HWSNBN and I were in agreement and plumped for a sunny yet secluded plot with our very own shed! I’ve since learnt this is allotment gold. We’re currently twiddling our thumbs until we could get the keys. But after inspecting Daddy Janvier couldn’t help do a bit of digging. I think he’s pleased.
Verdict: there go my evening and weekends. But I’m so excited to learn more about gardening, bond with my Dad, and spend some time making things grow.
After packing and unpacking (read throwing unironed clothes back into cupboard) my wardrobe looked like a hurricaine had been through. The items I wear regularly were in my clothes basket. And all of the unflattering, weird fitting, odd coloured clothes were still hanging up.
So I had a wardrobe cull and donated three bags of clothes to charity. And now look there’s actually space in my wardrobe. I feel like I can see what I own and actually want to wear. The only challenge is keeping it this way.
‘It was as if I had privately discovered life on another planet, or a parallel universe where life was at once recognizably similar but entirely different. I can’t tell you how exciting it was. Insofar as I had accumulated my expectations of Australia at all in the intervening years, I had thought of it as a kind of alternative southern California, a place of constant sunshine and the cheerful vapidity of a beach lifestyle, but with a slightly British bent – a sort of Baywatch with cricket…’
Of course, what greeted Bill Bryson was something rather different. Australia is a country that exists on a vast scale. It is the world’s sixth largest country and its largest island. It is the only island that is also a continent and the only continent that is also a country. It is the driest, flattest, hottest, most desiccated, infertile and climatically aggressive of all the inhabited continents and still it teems with life – a large proportion of it quite deadly.
In fact, Australia has more things that can kill you in a very nasty way than anywhere else. This is a country where even the fluffiest of caterpillars can lay you out with a toxic nip, where seashells will not just sting you but actually sometimes go for you. If you are not stung or pronged to death in some unexpected manner, you may be fatally chomped by sharks or crocodiles, or carried helplessly out to sea by irresistable currents, or left to stagger to an unhappy death in the baking outback.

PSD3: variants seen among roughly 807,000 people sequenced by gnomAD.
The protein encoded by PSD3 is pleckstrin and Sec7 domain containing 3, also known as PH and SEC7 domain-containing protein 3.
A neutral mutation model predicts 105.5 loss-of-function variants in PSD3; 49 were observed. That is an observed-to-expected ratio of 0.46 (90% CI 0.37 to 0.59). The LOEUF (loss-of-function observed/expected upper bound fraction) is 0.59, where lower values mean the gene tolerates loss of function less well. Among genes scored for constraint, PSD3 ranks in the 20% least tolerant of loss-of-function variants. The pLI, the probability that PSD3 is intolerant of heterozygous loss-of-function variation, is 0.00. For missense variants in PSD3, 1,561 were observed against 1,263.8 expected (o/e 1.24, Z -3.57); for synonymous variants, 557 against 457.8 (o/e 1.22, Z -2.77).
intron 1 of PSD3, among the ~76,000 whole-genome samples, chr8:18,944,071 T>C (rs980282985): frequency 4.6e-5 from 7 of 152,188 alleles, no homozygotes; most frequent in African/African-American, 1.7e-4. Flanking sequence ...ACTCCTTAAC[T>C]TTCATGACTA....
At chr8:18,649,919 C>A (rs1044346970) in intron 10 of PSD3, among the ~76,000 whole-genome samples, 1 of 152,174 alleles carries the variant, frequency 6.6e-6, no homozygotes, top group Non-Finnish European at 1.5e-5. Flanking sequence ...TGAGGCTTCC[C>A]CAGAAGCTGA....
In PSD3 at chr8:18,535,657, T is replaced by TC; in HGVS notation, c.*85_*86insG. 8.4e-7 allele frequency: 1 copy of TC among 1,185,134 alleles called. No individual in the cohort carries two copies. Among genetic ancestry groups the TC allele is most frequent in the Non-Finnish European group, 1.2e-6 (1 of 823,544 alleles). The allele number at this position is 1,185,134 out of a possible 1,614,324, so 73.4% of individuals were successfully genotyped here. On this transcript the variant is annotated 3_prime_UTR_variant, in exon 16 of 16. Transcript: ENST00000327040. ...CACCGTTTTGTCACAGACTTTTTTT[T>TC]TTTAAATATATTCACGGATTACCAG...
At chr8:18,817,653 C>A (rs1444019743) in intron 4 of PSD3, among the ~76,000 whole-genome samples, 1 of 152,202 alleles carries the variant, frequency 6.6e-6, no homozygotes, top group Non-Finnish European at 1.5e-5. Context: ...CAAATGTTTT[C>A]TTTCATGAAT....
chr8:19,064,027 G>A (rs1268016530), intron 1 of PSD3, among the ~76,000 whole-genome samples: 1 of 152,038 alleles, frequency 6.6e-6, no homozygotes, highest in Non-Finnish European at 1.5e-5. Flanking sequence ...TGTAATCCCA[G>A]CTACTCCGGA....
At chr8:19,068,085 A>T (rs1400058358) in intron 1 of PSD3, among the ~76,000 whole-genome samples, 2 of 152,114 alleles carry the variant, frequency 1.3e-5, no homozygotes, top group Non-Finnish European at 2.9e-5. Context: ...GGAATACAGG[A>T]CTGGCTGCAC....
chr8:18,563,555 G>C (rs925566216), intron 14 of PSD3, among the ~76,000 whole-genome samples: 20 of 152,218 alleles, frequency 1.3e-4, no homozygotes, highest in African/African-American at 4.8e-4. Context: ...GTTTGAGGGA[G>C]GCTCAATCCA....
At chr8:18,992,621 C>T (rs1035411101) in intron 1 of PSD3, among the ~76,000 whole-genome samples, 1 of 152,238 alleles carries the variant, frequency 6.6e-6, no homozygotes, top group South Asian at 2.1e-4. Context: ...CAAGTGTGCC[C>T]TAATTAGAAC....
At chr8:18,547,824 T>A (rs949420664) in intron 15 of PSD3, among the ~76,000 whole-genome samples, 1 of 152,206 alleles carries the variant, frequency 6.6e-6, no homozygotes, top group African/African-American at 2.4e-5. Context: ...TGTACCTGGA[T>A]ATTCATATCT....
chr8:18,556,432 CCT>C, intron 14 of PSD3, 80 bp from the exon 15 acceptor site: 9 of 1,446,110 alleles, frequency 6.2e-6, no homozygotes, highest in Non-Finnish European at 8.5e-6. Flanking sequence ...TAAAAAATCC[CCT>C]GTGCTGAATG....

Ignoring such dangers – yet curiously obsessed by them – Bill Bryson journeyed to Australia and promptly fell in love with the country. And who can blame him? The people are cheerful, extrovert, quick-witted and unfailingly obliging; their cities are safe and clean and nearly always built on water; the food is excellent; the beer is cold and the sun nearly always shines. Life doesn’t get much better than this.
When I’m abroad I like to read thematically. There’s something about immersing myself in fictional representations of where I am visiting that adds another layer to this experience. So while in Japan I read Murasaki, a lot of Murasaki. And when in Australia it was time for some Bill Bryson.
He is such a roundly brilliant writer and I adore his enthusiasm which spills through for his subject. Whether he’s musing on how many things in Australia can kill you.
Or roundly mocking the explorers who took off to find a way across the centre hauling an oak writing desk. You need to read this book.
Verdict: I loved it so much I read half of it aloud to HWSNBN.
Leah Cypress’s Death Sworn
From the back cover copy
Ileni is losing her magic. And that means she’s losing everything: her position as the rising star of her people, her purpose in life, and even the young man she loves. Sent to the assassins’ cave, hidden deep within the mountains, she expects no one will ever hear from her again. The last two sorcerers sent died within weeks of each other. Accidents? Or something more sinister? As Ileni navigates the dangers—both natural and human—of the caves, she’ll discover secrets that have been kept for decades. And she’ll find an ally in Sorin, the deadly young man who could be the assassins’ next leader. With Sorin determined to protect her, sparks—magical and romantic—will fly. But will even he understand the choice she must make in the end?
I love fantasy and I love my heroines with a piquant touch of cynicism. Cypress writes so well perfectly capturing Ileni’s fatalistic streak and determination to investigate the death’s of her predecessors no matter the cost. I enjoyed the tension of knowing her magic was fading when she was surrounded by assassins poised to strike at any moment. However, just as the book was getting started it ended. Plus the ‘twist’ ending was ridiculous.
Verdict: Will read the sequel for the atmosphere alone but the plot better tighten up and soon.
After having technicolour nails for technicolour countries. I’ve been feeling a little grey this month.
I love this shade, it’s almost lilac but not quite. Plus this George nail varnish from Asda is cheaper and more durable than some expensive brands.
My newest charity shop find is this olive green patterned Pearl Lowe at Peacocks dress. HWSNBN thinks I look frumpy, but I think I look foxy. You decide.
Tell me anything I should be reading or watching in April in the comments.